2011-03-05 / The Herald / Michael Tumelty
Angela Hewitt, Perth Concert Hall
THERE was an extraordinary moment, just a nano-second, at the end of Angela Hewitt’s monumental recital in Perth on Wednesday night.
Typically, when she finishes playing, her long arms bound off the piano, way above her head, and, as she rises to her feet and faces her audience, the great Canadian pianist’s face is already bathed in that huge, immensely winning smile.
As she finished the colossal fugue that ends Brahms’s Handel Variations, she got to her feet, turned to receive the rapturous applause and looked completely drawn and drained. It vanished instantly, but I reckon it was a telling indication of the sheer physical, intellectual and emotional strength required to master this beast of a piece.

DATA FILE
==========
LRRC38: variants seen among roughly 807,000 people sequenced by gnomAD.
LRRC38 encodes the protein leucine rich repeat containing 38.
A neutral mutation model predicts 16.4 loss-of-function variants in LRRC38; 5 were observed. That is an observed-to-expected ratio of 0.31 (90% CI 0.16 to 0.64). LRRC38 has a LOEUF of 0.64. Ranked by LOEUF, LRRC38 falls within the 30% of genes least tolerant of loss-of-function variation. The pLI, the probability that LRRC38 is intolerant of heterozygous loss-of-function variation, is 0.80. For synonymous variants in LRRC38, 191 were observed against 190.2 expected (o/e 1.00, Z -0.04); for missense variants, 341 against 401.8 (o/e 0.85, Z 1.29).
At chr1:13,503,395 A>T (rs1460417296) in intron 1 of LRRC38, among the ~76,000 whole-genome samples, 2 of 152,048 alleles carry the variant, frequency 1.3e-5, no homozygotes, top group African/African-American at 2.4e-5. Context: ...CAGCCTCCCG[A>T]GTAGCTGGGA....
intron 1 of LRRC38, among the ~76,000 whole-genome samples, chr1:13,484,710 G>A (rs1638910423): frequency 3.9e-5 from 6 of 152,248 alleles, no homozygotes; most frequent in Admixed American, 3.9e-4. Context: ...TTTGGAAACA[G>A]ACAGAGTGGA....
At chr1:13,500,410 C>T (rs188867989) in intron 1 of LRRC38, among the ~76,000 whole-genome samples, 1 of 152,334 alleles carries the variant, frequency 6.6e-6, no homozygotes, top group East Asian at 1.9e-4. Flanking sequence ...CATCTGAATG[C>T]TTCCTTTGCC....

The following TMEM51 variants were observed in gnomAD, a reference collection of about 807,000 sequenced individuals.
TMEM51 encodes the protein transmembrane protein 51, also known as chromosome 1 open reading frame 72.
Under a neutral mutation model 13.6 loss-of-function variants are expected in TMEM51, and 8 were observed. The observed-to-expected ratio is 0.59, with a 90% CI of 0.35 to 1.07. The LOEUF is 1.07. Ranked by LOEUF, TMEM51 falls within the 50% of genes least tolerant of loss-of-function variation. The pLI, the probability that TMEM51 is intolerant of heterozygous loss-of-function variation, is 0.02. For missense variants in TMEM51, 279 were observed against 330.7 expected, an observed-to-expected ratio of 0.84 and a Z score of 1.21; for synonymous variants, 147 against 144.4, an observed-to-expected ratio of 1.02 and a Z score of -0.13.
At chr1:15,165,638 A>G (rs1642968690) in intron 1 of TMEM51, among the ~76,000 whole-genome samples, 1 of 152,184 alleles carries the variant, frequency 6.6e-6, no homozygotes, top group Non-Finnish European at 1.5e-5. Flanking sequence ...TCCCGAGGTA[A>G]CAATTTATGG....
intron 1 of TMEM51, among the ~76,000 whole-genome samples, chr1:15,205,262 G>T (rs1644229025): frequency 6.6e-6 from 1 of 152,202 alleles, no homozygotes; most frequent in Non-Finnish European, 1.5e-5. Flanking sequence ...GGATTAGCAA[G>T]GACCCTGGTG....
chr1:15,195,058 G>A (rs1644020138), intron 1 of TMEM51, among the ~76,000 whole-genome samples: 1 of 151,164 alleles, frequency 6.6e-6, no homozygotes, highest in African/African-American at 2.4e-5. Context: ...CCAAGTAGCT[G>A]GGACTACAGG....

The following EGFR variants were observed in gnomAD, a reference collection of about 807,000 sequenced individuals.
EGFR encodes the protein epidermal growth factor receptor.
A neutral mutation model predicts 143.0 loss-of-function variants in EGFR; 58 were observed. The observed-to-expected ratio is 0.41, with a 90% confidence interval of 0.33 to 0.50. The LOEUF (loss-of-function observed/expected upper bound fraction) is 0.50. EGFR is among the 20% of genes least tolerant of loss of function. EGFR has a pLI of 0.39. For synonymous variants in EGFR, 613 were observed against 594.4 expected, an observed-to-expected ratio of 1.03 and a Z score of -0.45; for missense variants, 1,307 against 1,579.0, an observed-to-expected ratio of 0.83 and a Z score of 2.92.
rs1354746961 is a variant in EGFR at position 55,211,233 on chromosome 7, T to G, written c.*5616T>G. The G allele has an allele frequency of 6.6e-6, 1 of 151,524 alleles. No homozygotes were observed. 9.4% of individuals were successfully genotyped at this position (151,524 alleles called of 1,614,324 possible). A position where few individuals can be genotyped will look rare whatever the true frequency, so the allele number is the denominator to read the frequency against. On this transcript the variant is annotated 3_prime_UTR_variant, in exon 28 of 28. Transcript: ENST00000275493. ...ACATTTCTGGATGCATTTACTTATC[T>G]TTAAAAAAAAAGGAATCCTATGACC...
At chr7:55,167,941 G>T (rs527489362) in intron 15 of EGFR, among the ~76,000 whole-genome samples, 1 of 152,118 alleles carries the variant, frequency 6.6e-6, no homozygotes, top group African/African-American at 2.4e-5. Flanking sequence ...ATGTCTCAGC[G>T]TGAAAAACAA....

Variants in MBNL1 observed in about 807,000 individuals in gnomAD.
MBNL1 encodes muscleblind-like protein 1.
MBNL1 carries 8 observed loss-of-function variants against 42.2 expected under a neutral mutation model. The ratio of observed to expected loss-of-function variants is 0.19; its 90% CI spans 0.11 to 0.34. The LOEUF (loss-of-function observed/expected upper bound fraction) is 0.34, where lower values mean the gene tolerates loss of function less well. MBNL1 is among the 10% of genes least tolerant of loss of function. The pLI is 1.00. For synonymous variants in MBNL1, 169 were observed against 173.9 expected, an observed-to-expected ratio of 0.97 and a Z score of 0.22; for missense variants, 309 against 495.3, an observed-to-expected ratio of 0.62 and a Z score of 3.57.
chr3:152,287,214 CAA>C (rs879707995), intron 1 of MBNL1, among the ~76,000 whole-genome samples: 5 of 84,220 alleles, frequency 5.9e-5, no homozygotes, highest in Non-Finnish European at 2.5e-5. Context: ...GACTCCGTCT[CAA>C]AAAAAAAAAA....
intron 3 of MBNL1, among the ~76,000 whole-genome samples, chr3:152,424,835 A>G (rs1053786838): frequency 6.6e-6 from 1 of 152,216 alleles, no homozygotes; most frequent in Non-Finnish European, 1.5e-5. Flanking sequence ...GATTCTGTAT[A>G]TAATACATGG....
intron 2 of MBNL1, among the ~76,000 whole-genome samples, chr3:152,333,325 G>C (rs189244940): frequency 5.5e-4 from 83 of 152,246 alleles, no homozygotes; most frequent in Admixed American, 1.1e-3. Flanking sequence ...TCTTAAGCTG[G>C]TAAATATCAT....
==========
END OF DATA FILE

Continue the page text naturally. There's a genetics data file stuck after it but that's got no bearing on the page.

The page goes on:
The Brahms is so deceptive. When it starts it sounds pert, jaunty and light; but it goes on a journey to darkly Romantic terrain, becoming at one point very private. Ultimately, in that awful, mind-bending and muscle-straining fugue, it becomes a ruthless Goliath. Not until this performance had I realised just what a mental bone-crusher it is.
Hewitt’s recovery was awe-inspiring. She came on with encores and hurled herself into a spectacular transcription by Liszt of Schumann’s song, Widmung, followed by the most sane and pure Bach playing in the universe with the Sarabande from the Fifth French Suite.
What wit, humour and mischief she brought from Beethoven’s Eroica Variations in the first half, as though she was improvising.
Otherwise, a night of suites and variations was characterised by classic displays of Hewitt sophistication and elegance in Bach’s First Partita and Handel’s rather dark F minor Suite.